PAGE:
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बेसिक इंग्लिश का दूसरा सत्र (कक्षा प्रारंभ : 22 अक्तूबर, शाम 3:30 से 5:30)
Supreme Court Gives CBI Free Hand to Investigate Top Officials
May 07, 2014

Status or position cannot shield an officer of the level of joint secretary and above from unconstrained probe by the CBI in cases of corruption, the Supreme Court quashed a law that requires the agency to go to the government to seek approval for the investigation.

A five-judge constitution bench headed by the Chief Justice of India has struck down the legal provision that makes prior sanction mandatory if the CBI wants to probe a corruption case against civil servants above the rank of joint secretary. While the Supreme Court has made the same point previously, Section 6A had been inserted into the Delhi Special Police Establishment Act in 2003 to make sure that the Central government’s permission was necessary to investigate senior officials. The court has now rendered this section invalid, saying it ended up shielding corrupt public servants, and that seniority should not be the basis of differential treatment.

The bench expressed the opinion that this provision in the DSPE Act defeated the objectives of the Prevention of Corruption Act, framed to deal with corruption and to act against senior public servants. The result of the impugned legislation is that the very group of persons, namely, high ranking bureaucrats whose misdeeds and illegalities may have to be inquired into, would decide whether the CBI should even start an inquiry or investigation against them or not. Office of public power cannot be the workshop of personal gain. The probity in public life is of great importance. How can two public servants against whom there are allegations of corruption or graft or bribe-taking or criminal misconduct under the Prevention of Corruption Act, be made to be treated differently because one happens to be a junior officer and the other a senior decision maker?”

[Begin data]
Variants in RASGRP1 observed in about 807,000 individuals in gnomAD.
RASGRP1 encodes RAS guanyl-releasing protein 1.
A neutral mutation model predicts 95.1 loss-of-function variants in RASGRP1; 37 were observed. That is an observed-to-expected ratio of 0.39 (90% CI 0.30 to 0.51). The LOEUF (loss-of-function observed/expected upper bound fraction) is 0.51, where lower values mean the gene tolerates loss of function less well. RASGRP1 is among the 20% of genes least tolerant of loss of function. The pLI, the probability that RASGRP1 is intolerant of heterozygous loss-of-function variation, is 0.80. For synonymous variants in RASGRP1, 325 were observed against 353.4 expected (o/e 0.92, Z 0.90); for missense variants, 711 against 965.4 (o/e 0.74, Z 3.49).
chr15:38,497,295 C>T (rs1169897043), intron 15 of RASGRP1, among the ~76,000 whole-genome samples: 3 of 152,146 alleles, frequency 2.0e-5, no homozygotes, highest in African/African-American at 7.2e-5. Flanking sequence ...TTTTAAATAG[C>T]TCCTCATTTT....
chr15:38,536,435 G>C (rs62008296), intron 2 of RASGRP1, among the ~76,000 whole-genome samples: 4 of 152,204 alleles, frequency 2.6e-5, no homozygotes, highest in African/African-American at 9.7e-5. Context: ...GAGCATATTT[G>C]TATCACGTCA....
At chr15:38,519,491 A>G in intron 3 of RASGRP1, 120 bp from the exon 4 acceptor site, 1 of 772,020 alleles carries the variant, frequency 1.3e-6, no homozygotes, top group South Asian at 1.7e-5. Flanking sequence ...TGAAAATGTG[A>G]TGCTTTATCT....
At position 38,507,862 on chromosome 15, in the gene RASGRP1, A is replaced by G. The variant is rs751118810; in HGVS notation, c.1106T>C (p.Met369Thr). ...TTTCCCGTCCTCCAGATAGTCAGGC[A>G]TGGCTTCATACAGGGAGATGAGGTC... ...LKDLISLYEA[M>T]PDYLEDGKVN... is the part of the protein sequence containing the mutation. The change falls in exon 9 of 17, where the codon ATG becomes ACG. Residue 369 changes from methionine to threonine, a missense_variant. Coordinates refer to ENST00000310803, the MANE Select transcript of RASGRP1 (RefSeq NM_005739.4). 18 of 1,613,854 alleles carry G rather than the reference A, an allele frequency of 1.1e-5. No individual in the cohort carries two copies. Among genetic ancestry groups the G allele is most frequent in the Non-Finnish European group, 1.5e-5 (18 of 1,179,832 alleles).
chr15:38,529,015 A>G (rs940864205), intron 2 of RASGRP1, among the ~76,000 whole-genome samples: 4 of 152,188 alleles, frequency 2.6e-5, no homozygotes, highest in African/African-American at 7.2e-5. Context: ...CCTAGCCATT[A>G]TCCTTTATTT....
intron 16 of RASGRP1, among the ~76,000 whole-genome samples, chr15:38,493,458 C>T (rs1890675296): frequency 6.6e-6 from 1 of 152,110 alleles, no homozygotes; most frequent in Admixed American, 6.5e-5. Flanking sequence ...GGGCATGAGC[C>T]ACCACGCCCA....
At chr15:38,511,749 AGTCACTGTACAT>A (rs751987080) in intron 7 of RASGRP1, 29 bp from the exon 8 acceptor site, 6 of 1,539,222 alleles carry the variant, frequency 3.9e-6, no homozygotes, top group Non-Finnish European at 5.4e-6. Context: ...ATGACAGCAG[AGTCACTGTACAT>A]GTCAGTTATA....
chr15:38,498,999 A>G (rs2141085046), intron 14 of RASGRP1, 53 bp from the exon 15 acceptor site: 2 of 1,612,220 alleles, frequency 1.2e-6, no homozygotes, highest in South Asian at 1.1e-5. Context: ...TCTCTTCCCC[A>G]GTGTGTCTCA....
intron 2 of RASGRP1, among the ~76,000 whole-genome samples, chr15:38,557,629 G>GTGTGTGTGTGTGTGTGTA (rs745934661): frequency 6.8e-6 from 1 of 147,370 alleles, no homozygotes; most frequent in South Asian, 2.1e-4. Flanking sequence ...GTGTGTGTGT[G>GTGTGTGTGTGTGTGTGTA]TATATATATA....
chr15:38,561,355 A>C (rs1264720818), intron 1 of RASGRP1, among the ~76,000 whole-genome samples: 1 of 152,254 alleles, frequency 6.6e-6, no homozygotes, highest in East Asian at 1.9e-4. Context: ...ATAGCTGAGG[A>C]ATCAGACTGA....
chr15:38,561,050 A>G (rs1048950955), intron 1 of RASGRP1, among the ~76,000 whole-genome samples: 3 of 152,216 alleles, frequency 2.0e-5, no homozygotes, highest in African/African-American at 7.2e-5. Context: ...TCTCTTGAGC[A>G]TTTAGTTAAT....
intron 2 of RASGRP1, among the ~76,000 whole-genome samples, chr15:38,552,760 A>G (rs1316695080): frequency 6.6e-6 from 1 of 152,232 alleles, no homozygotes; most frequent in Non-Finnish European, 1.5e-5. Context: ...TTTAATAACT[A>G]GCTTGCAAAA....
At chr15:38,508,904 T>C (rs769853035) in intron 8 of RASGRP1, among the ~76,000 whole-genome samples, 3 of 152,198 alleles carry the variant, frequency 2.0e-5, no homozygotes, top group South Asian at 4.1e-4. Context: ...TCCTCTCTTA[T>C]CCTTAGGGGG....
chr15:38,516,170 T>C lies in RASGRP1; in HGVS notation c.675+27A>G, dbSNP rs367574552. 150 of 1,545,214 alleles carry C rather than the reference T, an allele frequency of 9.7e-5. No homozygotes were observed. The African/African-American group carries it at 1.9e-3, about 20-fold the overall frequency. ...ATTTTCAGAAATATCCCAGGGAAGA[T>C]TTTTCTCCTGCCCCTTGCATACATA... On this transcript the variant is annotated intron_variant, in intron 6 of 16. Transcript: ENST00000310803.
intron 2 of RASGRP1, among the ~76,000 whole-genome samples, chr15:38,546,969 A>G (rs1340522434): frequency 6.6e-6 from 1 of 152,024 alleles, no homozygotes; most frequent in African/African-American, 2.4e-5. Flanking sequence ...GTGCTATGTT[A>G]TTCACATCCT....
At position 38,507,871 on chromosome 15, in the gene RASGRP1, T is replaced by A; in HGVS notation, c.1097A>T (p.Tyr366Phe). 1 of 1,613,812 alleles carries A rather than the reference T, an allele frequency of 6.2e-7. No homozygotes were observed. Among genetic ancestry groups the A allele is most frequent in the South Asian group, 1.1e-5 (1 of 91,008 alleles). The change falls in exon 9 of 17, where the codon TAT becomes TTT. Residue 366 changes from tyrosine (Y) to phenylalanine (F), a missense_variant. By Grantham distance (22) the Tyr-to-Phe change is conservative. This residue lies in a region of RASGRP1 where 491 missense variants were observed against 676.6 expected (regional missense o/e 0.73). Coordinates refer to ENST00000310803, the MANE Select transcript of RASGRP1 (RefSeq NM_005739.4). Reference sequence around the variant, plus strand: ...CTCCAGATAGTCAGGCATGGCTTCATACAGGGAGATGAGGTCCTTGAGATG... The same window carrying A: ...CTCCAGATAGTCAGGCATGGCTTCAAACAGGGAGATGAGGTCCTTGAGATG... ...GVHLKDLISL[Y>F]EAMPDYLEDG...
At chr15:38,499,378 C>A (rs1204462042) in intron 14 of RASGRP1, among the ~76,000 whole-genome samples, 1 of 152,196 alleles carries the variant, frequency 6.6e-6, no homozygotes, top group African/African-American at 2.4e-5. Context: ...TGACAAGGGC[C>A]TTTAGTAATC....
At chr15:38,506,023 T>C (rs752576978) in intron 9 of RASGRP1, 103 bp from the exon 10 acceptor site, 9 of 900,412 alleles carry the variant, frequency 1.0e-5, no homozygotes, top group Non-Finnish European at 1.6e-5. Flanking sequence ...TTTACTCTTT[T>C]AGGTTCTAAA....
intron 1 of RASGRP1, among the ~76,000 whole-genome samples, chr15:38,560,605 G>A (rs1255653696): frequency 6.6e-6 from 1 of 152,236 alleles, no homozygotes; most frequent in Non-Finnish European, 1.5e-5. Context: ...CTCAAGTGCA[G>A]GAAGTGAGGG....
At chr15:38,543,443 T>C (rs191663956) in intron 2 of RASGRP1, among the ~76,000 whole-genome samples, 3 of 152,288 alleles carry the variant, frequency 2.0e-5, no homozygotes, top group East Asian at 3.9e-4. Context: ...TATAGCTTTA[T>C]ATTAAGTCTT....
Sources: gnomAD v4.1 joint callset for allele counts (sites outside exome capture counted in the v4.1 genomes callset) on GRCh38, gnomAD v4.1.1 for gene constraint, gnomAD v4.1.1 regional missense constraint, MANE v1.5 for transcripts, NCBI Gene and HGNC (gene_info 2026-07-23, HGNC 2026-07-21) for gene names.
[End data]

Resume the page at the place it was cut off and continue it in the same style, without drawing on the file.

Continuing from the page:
Section 6A was inserted with effect from September 2003, when the NDA was in power. The then law minister had defended the provision in Parliament during a debate on the Central Vigilance Commission Bill. He said that those in decision-making positions, who must exercise discretion, and those who have to take vital decisions, needed to be protected against frivolous complaints.

This decision of the Apex court will certainly empower the CBI to pursue cases more effectively, and speed up investigations. So far, the prior sanction clause had meant that the government could withhold a decision, and the investigative agency often had to wait for officials to retire before they could be questioned. But instead of fixing a timeline for government decisions, after which the sanction would be assumed to have been given, the court has simply done away with that prerogative.

It will arguably be easier now to extract answers in open and shut cases of bribery. But there are some dangers, too, in the removal of this section, given that CBI functioning itself is far from perfect. While the court’s prod had pushed the government to begin reform and consider changes like splitting the agency’s investigation and prosecution wings, choosing the directors through a collegium etc, while keeping it accountable to the elected executive, these changes have not materialised yet.


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